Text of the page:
Thursday, February 11, 2010

Format bigotry or What exactly is a book?

The New York Times article Do School Libraries Need Books? hits a nerve. Kudos to the articulate and informed library professionals and advocates who were interviewed for the article, even if I disagree with most of their conclusions.

Over the course of the article there are so many references to the tangible experience of paper.  Books and paper have strong sensory, emotional, nostalgic associations. Over and over again I have had people explain with passion how they love the feel and smell of books and the weight of holding it in your hands. Nobody comments on how heavy a book is, how you can't take that many in your suitcase for vacation because of the weight, or holding it in bed at night. Nobody mentions that with paper you have no chance for digital accommodations like text-to-speech which allow greater access to all learners.

These same strong connections carry over to the idea of the library. We all know and understand what a library is, what it does for us, and how to use it. We know it is a quiet place dedicated to learning and inquiry. We understand the librarian is there to help us navigate the process of acquiring knowledge and building meaning.

We all want students to love reading, to become effective users of information and life-long learners. These goals are no longer enough, and our emotional connections with the familiar are holding us back. If we want libraries to survive and remain relevant we need to play closer attention to schools like Cushing Academy, because they are blazing the trail for all of us.

"Our library is now the most-used space on campus, with collaborative learning areas, classrooms with smart boards, study sections, screens for data feeds from research sites, a cyber cafe, and increased reference and circulation stations for our librarians. It has become a hub where students and faculty gather, learn and explore together." 
This is a perfect illustration of a learning commons, and it isn't a quiet space dedicated to books. It is a dynamic, energized space students recognize as valuable and pertinent to their needs and education.  Hmmm....

"...they need more help from librarians to navigate these resources, so we have also increased our library staff by 25 percent."
Many other programs are facing staff cuts, yet Cushing needs to add staff to support increased demand for  student learning. Hmmm...


"Cushing Academy today is awash in books of all formats. Many classes continue to use printed books, while others use laptops or e-readers. It is immaterial to us whether students use print or electronic forms to read Chaucer and Shakespeare. In fact, Cushing students are checking out more books than before, making extensive use of e-readers in our library collection. Cushing’s success could inspire other schools to think about new approaches to education in this century."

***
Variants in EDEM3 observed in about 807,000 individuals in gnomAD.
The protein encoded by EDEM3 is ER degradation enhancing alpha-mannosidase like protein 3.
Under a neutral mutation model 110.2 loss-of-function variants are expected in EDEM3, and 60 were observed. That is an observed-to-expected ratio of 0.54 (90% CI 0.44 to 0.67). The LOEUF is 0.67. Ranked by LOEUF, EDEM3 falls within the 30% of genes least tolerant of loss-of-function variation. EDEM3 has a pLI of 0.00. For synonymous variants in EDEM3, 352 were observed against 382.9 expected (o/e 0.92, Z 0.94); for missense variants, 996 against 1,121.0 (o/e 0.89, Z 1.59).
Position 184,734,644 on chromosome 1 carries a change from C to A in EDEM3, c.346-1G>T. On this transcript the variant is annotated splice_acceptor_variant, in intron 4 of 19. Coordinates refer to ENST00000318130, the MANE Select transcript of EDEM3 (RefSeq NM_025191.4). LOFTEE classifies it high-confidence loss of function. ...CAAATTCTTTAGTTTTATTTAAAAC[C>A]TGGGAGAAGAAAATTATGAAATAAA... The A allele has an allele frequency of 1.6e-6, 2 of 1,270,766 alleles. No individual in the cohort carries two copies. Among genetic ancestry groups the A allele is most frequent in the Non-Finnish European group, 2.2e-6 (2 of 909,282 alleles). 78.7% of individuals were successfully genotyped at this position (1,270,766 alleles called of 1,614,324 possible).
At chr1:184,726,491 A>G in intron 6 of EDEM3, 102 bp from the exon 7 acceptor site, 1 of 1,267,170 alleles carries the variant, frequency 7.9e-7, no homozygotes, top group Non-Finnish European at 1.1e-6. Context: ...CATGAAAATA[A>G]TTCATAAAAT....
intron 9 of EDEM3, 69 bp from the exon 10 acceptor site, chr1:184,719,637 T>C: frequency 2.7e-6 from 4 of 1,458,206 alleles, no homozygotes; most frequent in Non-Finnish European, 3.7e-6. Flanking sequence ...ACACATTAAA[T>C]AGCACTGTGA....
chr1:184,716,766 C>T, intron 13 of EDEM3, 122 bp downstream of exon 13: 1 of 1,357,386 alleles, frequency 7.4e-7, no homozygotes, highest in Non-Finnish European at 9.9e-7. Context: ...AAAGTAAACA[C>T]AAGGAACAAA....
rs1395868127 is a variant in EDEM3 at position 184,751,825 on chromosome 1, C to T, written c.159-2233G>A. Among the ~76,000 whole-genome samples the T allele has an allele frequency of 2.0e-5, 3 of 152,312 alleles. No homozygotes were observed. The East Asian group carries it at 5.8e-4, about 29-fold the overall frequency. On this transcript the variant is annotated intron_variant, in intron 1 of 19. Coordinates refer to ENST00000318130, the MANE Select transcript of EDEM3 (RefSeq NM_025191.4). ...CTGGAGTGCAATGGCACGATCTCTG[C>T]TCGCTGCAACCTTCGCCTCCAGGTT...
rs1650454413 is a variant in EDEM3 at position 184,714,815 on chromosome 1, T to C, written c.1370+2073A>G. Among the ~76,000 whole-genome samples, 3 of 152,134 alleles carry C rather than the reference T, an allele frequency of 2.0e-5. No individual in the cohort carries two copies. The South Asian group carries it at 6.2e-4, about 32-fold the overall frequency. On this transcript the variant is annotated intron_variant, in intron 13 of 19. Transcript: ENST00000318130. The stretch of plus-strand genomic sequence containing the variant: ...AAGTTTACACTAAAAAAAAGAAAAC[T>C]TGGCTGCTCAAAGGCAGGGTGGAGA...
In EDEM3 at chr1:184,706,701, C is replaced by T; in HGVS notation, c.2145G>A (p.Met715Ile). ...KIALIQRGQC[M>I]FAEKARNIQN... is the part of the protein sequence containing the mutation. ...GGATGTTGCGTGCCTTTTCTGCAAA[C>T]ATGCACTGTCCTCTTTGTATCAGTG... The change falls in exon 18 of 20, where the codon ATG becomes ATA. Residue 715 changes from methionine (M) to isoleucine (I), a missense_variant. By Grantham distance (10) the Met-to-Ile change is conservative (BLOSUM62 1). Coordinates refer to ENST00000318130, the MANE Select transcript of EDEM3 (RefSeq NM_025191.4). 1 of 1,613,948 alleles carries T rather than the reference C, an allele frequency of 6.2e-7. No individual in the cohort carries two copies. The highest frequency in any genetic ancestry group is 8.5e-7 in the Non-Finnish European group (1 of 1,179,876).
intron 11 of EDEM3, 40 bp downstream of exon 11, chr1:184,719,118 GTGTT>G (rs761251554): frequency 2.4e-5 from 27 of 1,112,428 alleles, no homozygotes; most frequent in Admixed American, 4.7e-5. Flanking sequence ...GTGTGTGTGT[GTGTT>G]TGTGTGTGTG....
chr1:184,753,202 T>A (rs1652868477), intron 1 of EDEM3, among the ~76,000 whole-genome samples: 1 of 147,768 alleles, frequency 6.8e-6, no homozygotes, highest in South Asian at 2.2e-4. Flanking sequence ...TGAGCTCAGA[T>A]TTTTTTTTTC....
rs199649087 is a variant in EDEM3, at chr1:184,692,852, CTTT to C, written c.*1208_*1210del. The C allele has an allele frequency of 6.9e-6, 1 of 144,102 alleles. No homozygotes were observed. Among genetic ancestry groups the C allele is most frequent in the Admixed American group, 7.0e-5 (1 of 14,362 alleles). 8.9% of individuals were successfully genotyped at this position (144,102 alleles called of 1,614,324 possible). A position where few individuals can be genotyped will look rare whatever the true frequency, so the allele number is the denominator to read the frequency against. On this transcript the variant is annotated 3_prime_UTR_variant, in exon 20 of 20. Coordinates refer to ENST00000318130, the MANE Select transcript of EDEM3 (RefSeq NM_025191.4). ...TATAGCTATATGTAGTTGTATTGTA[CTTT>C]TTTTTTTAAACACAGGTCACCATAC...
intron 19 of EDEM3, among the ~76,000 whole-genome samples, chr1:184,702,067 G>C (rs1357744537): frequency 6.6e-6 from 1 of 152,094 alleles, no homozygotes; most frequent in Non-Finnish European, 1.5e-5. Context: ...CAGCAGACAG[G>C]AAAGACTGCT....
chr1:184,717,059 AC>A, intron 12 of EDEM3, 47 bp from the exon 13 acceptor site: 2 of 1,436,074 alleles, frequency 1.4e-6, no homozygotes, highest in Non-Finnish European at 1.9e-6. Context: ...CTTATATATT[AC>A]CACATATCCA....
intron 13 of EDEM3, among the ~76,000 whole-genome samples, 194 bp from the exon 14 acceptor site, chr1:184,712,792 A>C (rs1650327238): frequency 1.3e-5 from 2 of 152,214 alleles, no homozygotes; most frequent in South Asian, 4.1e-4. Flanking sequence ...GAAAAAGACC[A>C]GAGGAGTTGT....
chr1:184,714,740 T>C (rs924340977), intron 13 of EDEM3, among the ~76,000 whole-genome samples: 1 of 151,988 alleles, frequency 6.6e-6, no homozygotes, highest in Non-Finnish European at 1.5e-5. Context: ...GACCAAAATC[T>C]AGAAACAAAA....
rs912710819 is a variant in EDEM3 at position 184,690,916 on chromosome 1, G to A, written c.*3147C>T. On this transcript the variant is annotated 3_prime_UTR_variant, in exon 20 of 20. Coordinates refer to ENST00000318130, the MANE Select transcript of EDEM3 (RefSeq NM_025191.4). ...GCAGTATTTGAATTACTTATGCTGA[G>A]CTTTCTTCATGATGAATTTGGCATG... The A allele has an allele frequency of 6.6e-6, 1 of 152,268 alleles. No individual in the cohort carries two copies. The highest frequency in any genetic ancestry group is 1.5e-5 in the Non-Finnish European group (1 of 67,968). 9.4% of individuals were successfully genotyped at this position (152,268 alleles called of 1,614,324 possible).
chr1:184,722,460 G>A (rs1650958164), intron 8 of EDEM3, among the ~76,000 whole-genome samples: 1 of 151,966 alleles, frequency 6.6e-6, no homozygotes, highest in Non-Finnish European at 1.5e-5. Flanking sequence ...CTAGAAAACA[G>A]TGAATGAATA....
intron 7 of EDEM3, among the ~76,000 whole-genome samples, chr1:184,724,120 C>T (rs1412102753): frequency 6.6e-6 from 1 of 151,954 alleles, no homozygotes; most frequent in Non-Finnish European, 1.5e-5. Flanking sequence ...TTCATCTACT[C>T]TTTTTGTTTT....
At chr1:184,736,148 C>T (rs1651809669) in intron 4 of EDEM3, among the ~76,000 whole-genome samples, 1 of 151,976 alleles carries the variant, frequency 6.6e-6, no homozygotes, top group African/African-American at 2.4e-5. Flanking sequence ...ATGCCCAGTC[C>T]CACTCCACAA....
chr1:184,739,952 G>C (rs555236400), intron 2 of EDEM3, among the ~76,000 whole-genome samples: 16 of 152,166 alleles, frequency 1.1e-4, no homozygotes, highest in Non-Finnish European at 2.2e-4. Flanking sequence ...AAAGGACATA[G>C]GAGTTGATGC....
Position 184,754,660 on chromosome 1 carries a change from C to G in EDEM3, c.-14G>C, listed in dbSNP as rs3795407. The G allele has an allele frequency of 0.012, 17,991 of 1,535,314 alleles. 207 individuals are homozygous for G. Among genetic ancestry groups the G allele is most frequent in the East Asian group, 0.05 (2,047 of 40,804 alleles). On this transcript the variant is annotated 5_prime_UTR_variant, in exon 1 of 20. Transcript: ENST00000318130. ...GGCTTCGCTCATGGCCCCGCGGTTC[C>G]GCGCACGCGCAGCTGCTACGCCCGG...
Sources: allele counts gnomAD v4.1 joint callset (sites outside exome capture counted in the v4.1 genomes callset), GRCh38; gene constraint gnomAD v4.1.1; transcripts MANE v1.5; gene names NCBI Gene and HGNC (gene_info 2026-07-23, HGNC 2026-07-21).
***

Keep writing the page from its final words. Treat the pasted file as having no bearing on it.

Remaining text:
Readership and circulation is up. Hmmm...
Our bigotry toward diverse formats of reading must end, because it is denying students access to skills, content and collaborative possibilities. Reading can be solitary and books reinforce the role of the reader alone with print. But knowledge and creativity are global. The time of the student alone in the metaphorical stacks or being "lost in a book" is over and has been replaced with connection, new perspectives, and a broader and more dynamic canvas for learning. 

Reading is more relevant and critical than ever.  Paper and books aren't going anywhere. However, if we want robust programs, increasing readership and to become the hub of learning and skill-building for our schools, we had better diversify and start offering our students greater choice.

Good job, Cushing. I'm taking notes (some on paper, and some are digital.)

Photo Credit:
Flickr Creative Commons

Paper

Uploaded on September 30, 2009
by spikeblacklab

2 comments:

  1. Robin, you have hit one of the nails I keep taking shots at! I keep telling everyone who asks me "Are books history? Are we going digital?" that it isn't an either/or. It really is a question of what you consider a book. Isn't a reference source that is "live" and includes current information preferable to one that has dated and incorrect information? Isn't a magazine or newspaper just as desirable for its current events if it doesn't generate pounds of paper waste when it is no longer current? Now that I think about it, maybe I do need a kindle for my next vacation. I can carry 3 novels and NOT pay the extra baggage charge!

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  2. Nicely said, Somelibrary. We are on the same page - hahahaha.

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